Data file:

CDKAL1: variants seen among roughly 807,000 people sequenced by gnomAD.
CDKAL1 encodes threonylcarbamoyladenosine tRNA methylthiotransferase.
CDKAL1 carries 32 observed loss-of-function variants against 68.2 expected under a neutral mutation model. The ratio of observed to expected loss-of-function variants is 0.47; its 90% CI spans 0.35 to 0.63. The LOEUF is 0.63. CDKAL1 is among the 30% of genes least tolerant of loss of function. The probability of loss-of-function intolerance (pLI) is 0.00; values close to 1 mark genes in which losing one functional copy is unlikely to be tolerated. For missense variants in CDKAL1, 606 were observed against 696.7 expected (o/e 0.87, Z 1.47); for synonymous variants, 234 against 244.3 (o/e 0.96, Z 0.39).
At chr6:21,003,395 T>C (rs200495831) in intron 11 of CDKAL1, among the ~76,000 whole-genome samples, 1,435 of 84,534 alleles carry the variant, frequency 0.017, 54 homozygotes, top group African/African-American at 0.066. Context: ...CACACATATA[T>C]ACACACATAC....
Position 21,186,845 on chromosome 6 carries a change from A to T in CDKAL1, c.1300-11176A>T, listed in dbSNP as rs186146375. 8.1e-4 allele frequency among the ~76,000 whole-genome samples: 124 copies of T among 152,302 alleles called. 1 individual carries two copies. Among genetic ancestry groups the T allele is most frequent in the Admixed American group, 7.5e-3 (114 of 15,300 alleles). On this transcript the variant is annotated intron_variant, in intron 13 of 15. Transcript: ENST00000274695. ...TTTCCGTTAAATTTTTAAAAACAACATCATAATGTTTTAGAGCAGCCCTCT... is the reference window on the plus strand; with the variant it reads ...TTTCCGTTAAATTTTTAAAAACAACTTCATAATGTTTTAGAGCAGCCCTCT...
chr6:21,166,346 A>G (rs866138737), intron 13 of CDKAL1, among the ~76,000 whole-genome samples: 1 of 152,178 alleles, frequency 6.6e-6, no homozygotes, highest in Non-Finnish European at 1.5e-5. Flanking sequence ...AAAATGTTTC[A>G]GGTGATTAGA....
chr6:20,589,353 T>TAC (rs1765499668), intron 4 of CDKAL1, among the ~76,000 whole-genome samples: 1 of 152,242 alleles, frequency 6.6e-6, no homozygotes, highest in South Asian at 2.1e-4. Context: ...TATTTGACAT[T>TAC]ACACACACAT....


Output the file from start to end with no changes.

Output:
CDKAL1: variants seen among roughly 807,000 people sequenced by gnomAD.
CDKAL1 encodes threonylcarbamoyladenosine tRNA methylthiotransferase.
CDKAL1 carries 32 observed loss-of-function variants against 68.2 expected under a neutral mutation model. The ratio of observed to expected loss-of-function variants is 0.47; its 90% CI spans 0.35 to 0.63. The LOEUF is 0.63. CDKAL1 is among the 30% of genes least tolerant of loss of function. The probability of loss-of-function intolerance (pLI) is 0.00; values close to 1 mark genes in which losing one functional copy is unlikely to be tolerated. For missense variants in CDKAL1, 606 were observed against 696.7 expected (o/e 0.87, Z 1.47); for synonymous variants, 234 against 244.3 (o/e 0.96, Z 0.39).
At chr6:21,003,395 T>C (rs200495831) in intron 11 of CDKAL1, among the ~76,000 whole-genome samples, 1,435 of 84,534 alleles carry the variant, frequency 0.017, 54 homozygotes, top group African/African-American at 0.066. Context: ...CACACATATA[T>C]ACACACATAC....
Position 21,186,845 on chromosome 6 carries a change from A to T in CDKAL1, c.1300-11176A>T, listed in dbSNP as rs186146375. 8.1e-4 allele frequency among the ~76,000 whole-genome samples: 124 copies of T among 152,302 alleles called. 1 individual carries two copies. Among genetic ancestry groups the T allele is most frequent in the Admixed American group, 7.5e-3 (114 of 15,300 alleles). On this transcript the variant is annotated intron_variant, in intron 13 of 15. Transcript: ENST00000274695. ...TTTCCGTTAAATTTTTAAAAACAACATCATAATGTTTTAGAGCAGCCCTCT... is the reference window on the plus strand; with the variant it reads ...TTTCCGTTAAATTTTTAAAAACAACTTCATAATGTTTTAGAGCAGCCCTCT...
chr6:21,166,346 A>G (rs866138737), intron 13 of CDKAL1, among the ~76,000 whole-genome samples: 1 of 152,178 alleles, frequency 6.6e-6, no homozygotes, highest in Non-Finnish European at 1.5e-5. Flanking sequence ...AAAATGTTTC[A>G]GGTGATTAGA....
chr6:20,589,353 T>TAC (rs1765499668), intron 4 of CDKAL1, among the ~76,000 whole-genome samples: 1 of 152,242 alleles, frequency 6.6e-6, no homozygotes, highest in South Asian at 2.1e-4. Context: ...TATTTGACAT[T>TAC]ACACACACAT....